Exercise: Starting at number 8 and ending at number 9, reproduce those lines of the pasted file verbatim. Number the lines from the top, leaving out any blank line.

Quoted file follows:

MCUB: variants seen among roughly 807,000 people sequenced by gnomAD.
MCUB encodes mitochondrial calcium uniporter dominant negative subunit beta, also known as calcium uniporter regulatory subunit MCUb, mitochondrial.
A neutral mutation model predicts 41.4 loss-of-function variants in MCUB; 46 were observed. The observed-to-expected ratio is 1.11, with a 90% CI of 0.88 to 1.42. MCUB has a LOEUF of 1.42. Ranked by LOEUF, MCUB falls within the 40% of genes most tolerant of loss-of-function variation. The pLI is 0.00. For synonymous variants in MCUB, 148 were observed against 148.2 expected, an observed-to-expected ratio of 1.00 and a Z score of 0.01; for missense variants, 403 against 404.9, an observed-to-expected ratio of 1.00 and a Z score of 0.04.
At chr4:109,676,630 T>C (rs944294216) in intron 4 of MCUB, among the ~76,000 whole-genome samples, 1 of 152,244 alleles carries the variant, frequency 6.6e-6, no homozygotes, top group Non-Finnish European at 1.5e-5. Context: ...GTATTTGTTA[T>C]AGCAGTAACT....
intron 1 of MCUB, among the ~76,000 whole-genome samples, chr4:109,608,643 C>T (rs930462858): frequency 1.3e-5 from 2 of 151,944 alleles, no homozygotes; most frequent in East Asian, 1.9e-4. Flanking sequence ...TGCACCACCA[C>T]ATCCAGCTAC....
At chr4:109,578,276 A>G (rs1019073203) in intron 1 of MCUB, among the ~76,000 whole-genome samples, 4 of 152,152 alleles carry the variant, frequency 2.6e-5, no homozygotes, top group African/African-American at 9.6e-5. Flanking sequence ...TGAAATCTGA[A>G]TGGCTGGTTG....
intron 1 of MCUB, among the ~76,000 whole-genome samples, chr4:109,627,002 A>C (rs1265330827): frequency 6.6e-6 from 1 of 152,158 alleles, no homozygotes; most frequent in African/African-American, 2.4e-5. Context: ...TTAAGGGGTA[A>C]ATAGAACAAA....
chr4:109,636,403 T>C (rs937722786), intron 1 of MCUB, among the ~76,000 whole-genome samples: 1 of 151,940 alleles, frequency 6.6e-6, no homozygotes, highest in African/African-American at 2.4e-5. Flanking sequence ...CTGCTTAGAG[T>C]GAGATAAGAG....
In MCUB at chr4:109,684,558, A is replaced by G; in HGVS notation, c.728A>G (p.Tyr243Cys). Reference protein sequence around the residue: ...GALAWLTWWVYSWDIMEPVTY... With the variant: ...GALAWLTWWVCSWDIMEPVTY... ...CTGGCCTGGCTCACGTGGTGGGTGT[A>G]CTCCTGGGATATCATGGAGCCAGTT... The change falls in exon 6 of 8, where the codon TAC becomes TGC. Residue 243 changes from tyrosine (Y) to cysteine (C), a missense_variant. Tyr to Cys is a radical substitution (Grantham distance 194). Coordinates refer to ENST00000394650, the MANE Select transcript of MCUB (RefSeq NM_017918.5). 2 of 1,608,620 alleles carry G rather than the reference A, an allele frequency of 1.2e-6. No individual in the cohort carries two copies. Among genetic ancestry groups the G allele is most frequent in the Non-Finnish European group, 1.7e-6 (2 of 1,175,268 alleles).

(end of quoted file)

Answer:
chr4:109,636,403 T>C (rs937722786), intron 1 of MCUB, among the ~76,000 whole-genome samples: 1 of 151,940 alleles, frequency 6.6e-6, no homozygotes, highest in African/African-American at 2.4e-5. Flanking sequence ...CTGCTTAGAG[T>C]GAGATAAGAG....
In MCUB at chr4:109,684,558, A is replaced by G; in HGVS notation, c.728A>G (p.Tyr243Cys). Reference protein sequence around the residue: ...GALAWLTWWVYSWDIMEPVTY... With the variant: ...GALAWLTWWVCSWDIMEPVTY... ...CTGGCCTGGCTCACGTGGTGGGTGT[A>G]CTCCTGGGATATCATGGAGCCAGTT... The change falls in exon 6 of 8, where the codon TAC becomes TGC. Residue 243 changes from tyrosine (Y) to cysteine (C), a missense_variant. Tyr to Cys is a radical substitution (Grantham distance 194). Coordinates refer to ENST00000394650, the MANE Select transcript of MCUB (RefSeq NM_017918.5). 2 of 1,608,620 alleles carry G rather than the reference A, an allele frequency of 1.2e-6. No individual in the cohort carries two copies. Among genetic ancestry groups the G allele is most frequent in the Non-Finnish European group, 1.7e-6 (2 of 1,175,268 alleles).